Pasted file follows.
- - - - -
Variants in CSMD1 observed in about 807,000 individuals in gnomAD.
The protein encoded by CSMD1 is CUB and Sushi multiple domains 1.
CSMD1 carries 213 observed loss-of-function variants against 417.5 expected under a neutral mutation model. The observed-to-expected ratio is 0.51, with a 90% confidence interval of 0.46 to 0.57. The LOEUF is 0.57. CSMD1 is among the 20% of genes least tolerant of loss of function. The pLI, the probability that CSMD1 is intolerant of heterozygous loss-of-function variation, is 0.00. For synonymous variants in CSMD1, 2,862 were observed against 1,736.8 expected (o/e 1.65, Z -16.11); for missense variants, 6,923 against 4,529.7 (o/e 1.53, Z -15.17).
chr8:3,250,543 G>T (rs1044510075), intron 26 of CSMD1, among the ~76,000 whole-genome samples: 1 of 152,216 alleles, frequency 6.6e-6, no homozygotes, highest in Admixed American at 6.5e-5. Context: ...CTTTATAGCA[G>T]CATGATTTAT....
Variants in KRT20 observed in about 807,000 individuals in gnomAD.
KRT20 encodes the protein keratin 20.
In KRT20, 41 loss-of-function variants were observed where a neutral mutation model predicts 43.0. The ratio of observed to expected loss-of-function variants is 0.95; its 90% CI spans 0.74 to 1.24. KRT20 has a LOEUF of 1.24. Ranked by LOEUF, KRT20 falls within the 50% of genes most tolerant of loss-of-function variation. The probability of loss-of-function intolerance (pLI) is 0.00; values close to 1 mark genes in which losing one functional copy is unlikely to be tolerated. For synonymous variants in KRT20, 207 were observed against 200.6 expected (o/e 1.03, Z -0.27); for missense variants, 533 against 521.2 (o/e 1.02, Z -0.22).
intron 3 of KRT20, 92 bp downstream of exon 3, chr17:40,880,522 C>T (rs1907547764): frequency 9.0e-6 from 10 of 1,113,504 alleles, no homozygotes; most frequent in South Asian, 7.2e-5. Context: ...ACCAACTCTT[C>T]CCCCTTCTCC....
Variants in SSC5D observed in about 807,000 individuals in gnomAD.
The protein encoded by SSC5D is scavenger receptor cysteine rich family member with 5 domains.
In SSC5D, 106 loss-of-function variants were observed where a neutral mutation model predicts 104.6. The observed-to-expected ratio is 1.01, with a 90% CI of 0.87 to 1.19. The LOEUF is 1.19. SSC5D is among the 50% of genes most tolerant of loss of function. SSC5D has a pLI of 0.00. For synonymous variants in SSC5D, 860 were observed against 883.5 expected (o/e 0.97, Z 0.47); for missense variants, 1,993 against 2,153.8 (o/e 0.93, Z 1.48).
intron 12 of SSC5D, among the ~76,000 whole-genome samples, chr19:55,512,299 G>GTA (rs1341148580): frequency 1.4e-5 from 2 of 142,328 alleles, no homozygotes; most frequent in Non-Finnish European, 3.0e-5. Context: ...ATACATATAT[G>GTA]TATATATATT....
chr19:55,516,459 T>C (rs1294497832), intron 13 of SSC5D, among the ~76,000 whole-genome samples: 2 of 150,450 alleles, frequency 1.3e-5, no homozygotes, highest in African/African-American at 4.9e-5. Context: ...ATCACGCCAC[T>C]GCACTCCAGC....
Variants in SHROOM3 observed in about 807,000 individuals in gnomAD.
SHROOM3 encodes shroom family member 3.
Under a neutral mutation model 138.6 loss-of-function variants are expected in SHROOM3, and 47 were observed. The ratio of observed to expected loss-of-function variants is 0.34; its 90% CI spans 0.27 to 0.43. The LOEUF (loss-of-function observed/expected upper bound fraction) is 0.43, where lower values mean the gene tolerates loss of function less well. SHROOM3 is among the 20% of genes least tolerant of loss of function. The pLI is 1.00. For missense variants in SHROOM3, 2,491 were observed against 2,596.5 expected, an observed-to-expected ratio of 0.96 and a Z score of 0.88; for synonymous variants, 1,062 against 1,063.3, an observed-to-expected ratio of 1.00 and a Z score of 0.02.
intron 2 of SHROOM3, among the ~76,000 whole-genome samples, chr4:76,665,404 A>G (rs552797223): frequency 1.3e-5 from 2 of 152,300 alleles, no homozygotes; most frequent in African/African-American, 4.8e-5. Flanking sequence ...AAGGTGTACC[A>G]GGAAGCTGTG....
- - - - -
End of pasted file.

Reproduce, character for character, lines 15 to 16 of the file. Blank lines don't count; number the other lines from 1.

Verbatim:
SHROOM3 encodes shroom family member 3.
Under a neutral mutation model 138.6 loss-of-function variants are expected in SHROOM3, and 47 were observed. The ratio of observed to expected loss-of-function variants is 0.34; its 90% CI spans 0.27 to 0.43. The LOEUF (loss-of-function observed/expected upper bound fraction) is 0.43, where lower values mean the gene tolerates loss of function less well. SHROOM3 is among the 20% of genes least tolerant of loss of function. The pLI is 1.00. For missense variants in SHROOM3, 2,491 were observed against 2,596.5 expected, an observed-to-expected ratio of 0.96 and a Z score of 0.88; for synonymous variants, 1,062 against 1,063.3, an observed-to-expected ratio of 1.00 and a Z score of 0.02.